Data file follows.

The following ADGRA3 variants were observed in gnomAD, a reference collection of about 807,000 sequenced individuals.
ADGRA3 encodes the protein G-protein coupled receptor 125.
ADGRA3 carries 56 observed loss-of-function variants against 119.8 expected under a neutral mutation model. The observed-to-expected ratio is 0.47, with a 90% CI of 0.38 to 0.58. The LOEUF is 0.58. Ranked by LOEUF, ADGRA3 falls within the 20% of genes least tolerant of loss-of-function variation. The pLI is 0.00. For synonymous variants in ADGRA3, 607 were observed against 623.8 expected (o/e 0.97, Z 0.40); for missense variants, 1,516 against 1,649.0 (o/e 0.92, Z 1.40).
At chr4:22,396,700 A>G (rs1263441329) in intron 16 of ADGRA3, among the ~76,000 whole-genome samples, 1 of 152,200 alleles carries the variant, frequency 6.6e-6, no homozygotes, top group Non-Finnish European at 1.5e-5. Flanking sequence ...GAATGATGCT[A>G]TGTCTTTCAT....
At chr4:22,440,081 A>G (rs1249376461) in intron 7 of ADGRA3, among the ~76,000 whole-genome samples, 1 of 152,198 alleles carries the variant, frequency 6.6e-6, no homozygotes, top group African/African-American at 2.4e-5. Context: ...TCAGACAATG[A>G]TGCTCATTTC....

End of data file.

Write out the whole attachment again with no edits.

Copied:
The following ADGRA3 variants were observed in gnomAD, a reference collection of about 807,000 sequenced individuals.
ADGRA3 encodes the protein G-protein coupled receptor 125.
ADGRA3 carries 56 observed loss-of-function variants against 119.8 expected under a neutral mutation model. The observed-to-expected ratio is 0.47, with a 90% CI of 0.38 to 0.58. The LOEUF is 0.58. Ranked by LOEUF, ADGRA3 falls within the 20% of genes least tolerant of loss-of-function variation. The pLI is 0.00. For synonymous variants in ADGRA3, 607 were observed against 623.8 expected (o/e 0.97, Z 0.40); for missense variants, 1,516 against 1,649.0 (o/e 0.92, Z 1.40).
At chr4:22,396,700 A>G (rs1263441329) in intron 16 of ADGRA3, among the ~76,000 whole-genome samples, 1 of 152,200 alleles carries the variant, frequency 6.6e-6, no homozygotes, top group Non-Finnish European at 1.5e-5. Flanking sequence ...GAATGATGCT[A>G]TGTCTTTCAT....
At chr4:22,440,081 A>G (rs1249376461) in intron 7 of ADGRA3, among the ~76,000 whole-genome samples, 1 of 152,198 alleles carries the variant, frequency 6.6e-6, no homozygotes, top group African/African-American at 2.4e-5. Context: ...TCAGACAATG[A>G]TGCTCATTTC....